Skip to content

The Monitor Progressive news, views and ideas

City of Regina, we need to talk

September 25, 2013

1-minute read

Regardless of the outcome in the City of Regina's wastewater referendum being held today, there is one thing that is certain. We need to establish very clear rules for how City-wide referenda should be conducted in the future and we need very specific rules on how the City communicates with the voters on the referendum issue. The catalogue of controversial and borderline unscrupulous practices by the City during the entire life of the referendum are almost too numerous to list. Before the referendum was even confirmed we had the attempt by the City Clerk to raise the petition threshold, the disqualification of signatures that did not include the year in the date, and the strange use of two verification procedures for the petition signatures that appears to have contravened the Cities Act. Once the referendum was underway, we had city staff promoting the Vote No side, splash pages on the City's website advocating for the No side, the City twitter feed used to promote the No side and even voter information cards emblazoned with arguments for the Vote No campaign. (Paul Dechene has an excellent run-down of the various incidents here).

Through all of this, the City has claimed that its actions are legal and merely designed to impart objective information to voters. (Objective information apparently being a euphemism for information that contains absolutely no mention of any critique of the P3 model). Legality aside, the seemingly cavalier attitude of the City to use public resources to promote one side of the referendum and be oblivious to the perceived impropriety of this seems to demand that we need to get some very clear rules in place to ensure that this sort of fiasco does not occur again in the future. Indeed, the provincial rules governing province-wide referendums gives much clearer directions on how governments are to communicate with voters during the referendum campaign:

During a referendum or plebiscite period, no department, board, commission, Crown corporation or agency of the Government of Saskatchewan shall broadcast or publish in any manner any information or particulars of the activities of the department, board, commission, Crown corporation or agency that pertain to the question or questions put to electors in the referendum or plebiscite.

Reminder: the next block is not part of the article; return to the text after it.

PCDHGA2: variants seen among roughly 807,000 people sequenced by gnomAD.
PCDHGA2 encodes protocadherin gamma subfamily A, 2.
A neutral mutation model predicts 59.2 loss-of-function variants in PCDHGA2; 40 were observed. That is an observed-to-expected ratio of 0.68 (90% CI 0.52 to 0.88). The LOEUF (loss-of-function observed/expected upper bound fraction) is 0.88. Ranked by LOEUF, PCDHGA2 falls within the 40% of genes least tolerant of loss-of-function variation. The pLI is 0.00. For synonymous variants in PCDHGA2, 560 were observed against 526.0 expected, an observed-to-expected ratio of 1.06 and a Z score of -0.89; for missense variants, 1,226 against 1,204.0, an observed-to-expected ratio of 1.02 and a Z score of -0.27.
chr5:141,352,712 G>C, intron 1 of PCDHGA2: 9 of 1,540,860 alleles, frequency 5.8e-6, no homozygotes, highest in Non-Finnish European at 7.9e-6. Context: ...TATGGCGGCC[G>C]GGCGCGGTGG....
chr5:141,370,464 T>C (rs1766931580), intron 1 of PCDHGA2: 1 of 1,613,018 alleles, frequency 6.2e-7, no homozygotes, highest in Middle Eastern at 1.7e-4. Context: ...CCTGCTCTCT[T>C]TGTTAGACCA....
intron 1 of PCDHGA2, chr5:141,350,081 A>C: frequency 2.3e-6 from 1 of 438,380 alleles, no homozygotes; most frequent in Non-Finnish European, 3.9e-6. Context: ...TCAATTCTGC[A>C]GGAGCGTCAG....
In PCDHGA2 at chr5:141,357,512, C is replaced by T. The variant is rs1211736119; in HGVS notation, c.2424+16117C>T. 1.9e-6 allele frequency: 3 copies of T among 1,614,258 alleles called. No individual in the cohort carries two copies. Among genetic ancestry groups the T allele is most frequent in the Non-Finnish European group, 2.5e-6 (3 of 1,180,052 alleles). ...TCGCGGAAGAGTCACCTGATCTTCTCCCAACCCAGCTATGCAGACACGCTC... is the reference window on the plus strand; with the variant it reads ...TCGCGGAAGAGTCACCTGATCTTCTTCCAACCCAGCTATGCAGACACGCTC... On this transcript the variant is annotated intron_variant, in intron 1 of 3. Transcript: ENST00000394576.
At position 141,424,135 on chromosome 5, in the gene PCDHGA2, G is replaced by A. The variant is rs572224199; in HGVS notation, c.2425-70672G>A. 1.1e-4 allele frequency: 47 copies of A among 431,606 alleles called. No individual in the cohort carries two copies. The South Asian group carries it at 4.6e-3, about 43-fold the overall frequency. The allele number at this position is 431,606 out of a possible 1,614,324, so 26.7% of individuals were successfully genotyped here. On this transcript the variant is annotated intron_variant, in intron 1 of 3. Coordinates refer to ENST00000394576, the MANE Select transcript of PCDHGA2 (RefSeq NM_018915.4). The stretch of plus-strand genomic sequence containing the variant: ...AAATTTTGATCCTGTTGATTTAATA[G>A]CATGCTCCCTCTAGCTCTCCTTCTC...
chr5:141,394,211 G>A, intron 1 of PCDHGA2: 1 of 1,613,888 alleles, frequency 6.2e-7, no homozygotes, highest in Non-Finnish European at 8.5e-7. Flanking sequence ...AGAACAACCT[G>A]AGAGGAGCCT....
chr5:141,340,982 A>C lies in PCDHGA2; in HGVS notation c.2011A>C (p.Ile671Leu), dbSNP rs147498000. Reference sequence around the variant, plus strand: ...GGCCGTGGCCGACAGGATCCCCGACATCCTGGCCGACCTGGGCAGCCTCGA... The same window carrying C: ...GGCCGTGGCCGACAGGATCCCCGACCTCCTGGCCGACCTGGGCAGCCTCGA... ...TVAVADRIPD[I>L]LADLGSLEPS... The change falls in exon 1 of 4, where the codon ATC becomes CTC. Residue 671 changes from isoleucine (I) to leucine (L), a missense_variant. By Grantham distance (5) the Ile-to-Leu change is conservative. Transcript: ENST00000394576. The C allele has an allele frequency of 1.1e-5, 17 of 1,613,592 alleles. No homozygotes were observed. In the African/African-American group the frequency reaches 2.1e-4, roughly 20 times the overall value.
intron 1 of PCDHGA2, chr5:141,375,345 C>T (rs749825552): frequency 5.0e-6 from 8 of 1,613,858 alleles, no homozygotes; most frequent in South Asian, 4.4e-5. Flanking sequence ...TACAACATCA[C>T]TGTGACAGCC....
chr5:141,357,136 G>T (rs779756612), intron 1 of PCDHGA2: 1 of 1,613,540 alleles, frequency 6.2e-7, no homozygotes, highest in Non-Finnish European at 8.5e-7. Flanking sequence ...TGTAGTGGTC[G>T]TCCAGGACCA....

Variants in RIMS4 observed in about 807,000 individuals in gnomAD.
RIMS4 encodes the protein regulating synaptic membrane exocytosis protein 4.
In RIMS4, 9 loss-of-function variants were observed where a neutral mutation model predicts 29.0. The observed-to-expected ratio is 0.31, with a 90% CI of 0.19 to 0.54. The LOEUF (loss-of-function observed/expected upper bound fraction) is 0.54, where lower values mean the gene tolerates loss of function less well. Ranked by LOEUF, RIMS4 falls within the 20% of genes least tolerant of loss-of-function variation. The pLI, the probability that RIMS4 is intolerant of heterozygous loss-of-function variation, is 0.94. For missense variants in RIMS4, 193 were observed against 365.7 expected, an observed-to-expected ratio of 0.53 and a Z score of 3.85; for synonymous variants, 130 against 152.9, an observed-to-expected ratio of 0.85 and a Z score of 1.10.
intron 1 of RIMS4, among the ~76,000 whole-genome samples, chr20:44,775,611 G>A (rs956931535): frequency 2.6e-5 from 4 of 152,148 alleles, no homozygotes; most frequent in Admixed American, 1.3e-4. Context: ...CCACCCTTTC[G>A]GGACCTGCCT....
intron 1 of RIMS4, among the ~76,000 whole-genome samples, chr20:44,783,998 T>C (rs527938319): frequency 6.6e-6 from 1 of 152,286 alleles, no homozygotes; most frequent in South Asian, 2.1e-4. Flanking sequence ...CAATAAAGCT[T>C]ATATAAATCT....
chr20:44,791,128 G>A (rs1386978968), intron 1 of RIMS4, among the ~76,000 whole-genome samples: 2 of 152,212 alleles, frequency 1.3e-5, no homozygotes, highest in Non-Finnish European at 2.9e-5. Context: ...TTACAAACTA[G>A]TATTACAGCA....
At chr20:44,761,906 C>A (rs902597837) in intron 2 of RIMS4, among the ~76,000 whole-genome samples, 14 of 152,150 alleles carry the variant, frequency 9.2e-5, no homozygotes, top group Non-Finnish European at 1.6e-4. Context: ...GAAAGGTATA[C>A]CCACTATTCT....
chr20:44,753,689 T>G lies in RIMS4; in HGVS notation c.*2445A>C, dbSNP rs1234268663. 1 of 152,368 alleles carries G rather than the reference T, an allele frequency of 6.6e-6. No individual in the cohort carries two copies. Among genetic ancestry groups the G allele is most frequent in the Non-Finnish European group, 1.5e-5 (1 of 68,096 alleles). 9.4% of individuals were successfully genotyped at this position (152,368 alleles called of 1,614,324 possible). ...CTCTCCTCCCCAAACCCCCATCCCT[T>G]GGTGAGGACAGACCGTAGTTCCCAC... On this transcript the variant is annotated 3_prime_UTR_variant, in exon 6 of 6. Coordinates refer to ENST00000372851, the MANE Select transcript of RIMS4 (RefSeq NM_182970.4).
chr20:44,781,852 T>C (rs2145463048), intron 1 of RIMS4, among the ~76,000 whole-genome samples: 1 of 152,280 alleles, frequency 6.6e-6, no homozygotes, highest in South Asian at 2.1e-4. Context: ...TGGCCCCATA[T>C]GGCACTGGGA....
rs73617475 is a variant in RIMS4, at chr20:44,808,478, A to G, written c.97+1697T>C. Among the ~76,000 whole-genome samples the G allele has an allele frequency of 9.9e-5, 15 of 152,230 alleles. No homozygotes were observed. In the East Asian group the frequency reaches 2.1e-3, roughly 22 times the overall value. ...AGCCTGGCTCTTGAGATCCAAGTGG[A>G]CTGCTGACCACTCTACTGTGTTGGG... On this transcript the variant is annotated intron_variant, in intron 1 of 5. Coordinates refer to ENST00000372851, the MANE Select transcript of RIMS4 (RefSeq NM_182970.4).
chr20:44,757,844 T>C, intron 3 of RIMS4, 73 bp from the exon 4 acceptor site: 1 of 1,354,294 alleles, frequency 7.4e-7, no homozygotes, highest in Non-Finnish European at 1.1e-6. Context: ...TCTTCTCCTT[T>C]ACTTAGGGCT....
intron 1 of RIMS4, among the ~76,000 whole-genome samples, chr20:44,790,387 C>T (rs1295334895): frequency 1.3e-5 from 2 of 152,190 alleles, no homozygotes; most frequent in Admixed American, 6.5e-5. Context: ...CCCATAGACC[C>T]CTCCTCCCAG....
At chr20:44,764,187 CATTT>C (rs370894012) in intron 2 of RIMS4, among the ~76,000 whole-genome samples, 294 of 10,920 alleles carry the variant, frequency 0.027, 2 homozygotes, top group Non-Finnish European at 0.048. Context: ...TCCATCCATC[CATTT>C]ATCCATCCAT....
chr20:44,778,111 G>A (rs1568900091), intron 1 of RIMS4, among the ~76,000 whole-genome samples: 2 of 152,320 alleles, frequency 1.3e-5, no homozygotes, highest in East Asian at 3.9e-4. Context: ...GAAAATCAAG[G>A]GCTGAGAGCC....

If this summer has taught us anything, it is that we desperately need the same type of legislation that governs provincial referenda to be adopted for municipal referenda as well. Regardless of the outcome of the vote today, perhaps the one positive we can derive from this campaign is to leave the citizens of Regina and other Saskatchewan municipalities with a much more clear, transparent and fair process for future referenda.

Simon Enoch

Topics addressed in this article

Related Articles

Canada’s fight against inflation: Bank of Canada could induce a recession

History tells us that the Bank of Canada has a 0% success rate in fighting inflation by quickly raising interest rates. If a pilot told me that they’d only ever attempted a particular landing three times in the past 60 years with a 0% success rate, that’s not a plane I’d want to be on. Unfortunately, that looks likes the plane all Canadians are on now.

Non-viable businesses need an"off-ramp"

Throughout the pandemic, many small- and medium-sized businesses have weathered the storm, thanks to federal government help. In his deputation to Canada's federal Industry Committee, David Macdonald says it's time to give those businesses an "off-ramp".

Truth bomb: Corporate sector winning the economic recovery lottery; workers falling behind

This isn’t a workers’ wage-led recovery; in fact, inflation is eating into workers’ wages, diminishing their ability to recover from the pandemic recession. Corporate profits are capturing more economic growth than in any previous recession recovery period over the past 50 years.